There is also much that was forced on the film due to the time it was made, which has undeniable effect – there is no musical score for example (a result of the film being made in the early few years of the sound era). Furthermore, both the book and this film were written before the discovery of DNA – thus Dr Moreau is a vivisectionist creating his hybrids through surgery, as opposed to both remakes where he is cleaned up and made into a genetic engineer. The idea of him being a surgeon, creating hybrids through brute force, is something that gives the lab scenes a much nastier edge. As a result, the ending where the creations turn and vivisect Moreau has an incredible shock sting to it that neither remake managed.
The Dr Moreau role is played by Charles Laughton. Laughton was a classic actor who played great character roles like Nero in The Sign of the Cross (1932), Henry VIII in The Private Life of Henry VII (1933), Captain Bligh in Mutiny on the Bounty (1935), the title roles in Rembrandt (1936) and I, Claudius (1937) and was the definitive Quasimodo in The Hunchback of Notre Dame (1939). He also directed the excellent psycho-thriller The Night of the Hunter (1955). Laughton gives a great performance – in tubby build with Mephistophelean beard, he is alternately arrogant and assured at the same time as he is fascinatingly charismatic. If you compare Charles Laughton’s performance to Colin Clive in the 1931 Frankenstein, there seems a world of difference – where Clive’s mad scientist seemed craven and the film pitched at a level of overwrought melodrama, Laughton’s Dr Moreau and the film seem realistic and without melodrama.
In fact, with Charles Laughton’s performance and the torrid tropical setting, the film takes on undeniable colonial slave owner overtones – outfitted in pith helmet and wielding a whip against the Beast Men, Laughton seems more akin to one of the white plantation owner in the likes of Mandingo (1975) and Drum (1976) than to Colin Clive’s Frankenstein. In this sense, The Island of Lost Souls taps into many themes that ran through 1930s/40s horror/sf cinema. Most overtly, there is the fear, begun with Frankenstein, that science was defying divine provenance and opening up a Pandora’s Box that would unleash socially devastating forces.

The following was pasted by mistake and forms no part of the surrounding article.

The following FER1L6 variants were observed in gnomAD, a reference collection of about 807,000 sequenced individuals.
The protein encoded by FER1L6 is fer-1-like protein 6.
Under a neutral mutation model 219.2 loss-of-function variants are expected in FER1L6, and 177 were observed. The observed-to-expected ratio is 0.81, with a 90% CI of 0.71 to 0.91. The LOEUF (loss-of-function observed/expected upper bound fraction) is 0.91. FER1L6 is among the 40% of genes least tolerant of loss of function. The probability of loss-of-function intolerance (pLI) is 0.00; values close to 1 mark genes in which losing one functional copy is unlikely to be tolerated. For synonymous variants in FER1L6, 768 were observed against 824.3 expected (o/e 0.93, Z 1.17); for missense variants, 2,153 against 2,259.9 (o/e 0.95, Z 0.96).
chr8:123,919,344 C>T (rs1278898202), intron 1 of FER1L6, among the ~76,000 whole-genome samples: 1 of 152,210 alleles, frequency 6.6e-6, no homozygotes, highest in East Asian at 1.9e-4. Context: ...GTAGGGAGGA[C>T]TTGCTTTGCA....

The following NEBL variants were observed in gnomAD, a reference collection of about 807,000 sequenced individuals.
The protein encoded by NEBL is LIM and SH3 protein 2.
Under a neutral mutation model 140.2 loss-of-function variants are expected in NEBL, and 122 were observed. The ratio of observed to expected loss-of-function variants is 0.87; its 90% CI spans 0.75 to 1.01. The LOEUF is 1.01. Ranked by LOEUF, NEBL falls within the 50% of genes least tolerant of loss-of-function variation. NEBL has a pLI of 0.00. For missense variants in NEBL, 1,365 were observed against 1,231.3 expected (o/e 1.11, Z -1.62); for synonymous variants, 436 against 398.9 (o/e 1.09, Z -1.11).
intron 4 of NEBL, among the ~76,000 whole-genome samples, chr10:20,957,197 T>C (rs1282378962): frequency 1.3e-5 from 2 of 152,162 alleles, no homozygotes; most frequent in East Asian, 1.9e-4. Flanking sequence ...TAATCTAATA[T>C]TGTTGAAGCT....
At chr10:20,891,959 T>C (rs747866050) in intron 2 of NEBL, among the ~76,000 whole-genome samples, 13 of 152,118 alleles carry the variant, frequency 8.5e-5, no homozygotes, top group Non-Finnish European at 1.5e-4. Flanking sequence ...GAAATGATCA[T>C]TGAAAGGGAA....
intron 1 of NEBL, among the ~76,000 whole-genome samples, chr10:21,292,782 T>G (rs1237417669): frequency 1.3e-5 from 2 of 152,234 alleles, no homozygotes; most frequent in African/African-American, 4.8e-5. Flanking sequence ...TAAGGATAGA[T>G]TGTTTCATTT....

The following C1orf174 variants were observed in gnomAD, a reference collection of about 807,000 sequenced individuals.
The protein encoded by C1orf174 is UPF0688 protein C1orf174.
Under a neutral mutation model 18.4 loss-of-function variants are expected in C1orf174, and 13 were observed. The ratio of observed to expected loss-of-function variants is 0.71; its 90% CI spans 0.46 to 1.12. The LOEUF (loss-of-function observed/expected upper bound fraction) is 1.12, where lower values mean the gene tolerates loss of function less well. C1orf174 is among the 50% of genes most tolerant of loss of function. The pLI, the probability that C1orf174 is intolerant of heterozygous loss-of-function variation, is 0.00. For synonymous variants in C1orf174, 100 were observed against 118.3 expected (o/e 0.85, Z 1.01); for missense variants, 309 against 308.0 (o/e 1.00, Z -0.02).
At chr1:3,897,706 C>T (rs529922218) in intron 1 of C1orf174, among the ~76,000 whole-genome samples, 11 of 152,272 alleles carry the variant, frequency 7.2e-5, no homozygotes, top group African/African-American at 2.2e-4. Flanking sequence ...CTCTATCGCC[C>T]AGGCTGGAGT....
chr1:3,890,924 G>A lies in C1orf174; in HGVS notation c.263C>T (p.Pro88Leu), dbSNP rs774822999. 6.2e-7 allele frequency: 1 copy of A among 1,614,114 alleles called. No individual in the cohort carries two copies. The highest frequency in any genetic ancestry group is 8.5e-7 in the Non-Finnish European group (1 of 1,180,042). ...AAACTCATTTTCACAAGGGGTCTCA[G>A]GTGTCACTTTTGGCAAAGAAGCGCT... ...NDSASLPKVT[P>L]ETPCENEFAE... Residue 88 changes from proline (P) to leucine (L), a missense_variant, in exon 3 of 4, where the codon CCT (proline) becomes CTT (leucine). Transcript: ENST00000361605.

More important is the preoccupation with the borderlines of civilisation. Serials of the era perpetually colonised Africa, Asia, the Old West, underground and outer space as realms of exotic adventure. There was a sense that there were definite parameters beyond which civilisation no longer applied. This was the era of The Depression where a substantial part of the population had become disenfranchised and been rendered dissolute. The films of the era often held wish fulfilment fantasies with the likes of Tarzan the Ape Man (1932) and Lost Horizon (1937) about people abandoning civilisation and finding an alternate paradise in undiscovered worlds in respectively Africa and Asia. Perhaps the most famous variant on the theme was King Kong (1933), which was about the discovery of a great beast that ruled a primal jungle realm who is tragically conquered and brought down by civilisation.
Both King Kong and The Island of Lost Souls tap into sexual themes. For both films, the island beyond the borderlines of civilisation harbours animal primitivism, which in both cases is equated with sexuality. Kong represents rampaging desire for a blonde girl. There is a similar scene here of the animal sexuality threatening civilised people with its unruly passions – of the Panther Girl trying to tempt the hero to mate with her. Upon the blonde fiancee’s arrival on the island, a Beast Man peers in the window at her as she goes to go to bed and then tries to break into the room. The Beast creatures here clearly represent raw, primal sexuality untamed by civilisation, while Leila Hyams is held up as a paragon of unattainable desirability.
The film naturally climaxes with the island and the creations of super science burning in flames, the forces of bestial sexuality destroyed and the hero and heroine in each other’s arms – in other words, the status quo of civilised reason and tamed passions having been restored.
Director Erle C. Kenton (1896-1980) later went on to make several of Universal’s horror sequels with The Ghost of Frankenstein (1942), House of Frankenstein (1944) and House of Dracula (1945), as well as the Old Dark House thriller The Cat Creeps (1946).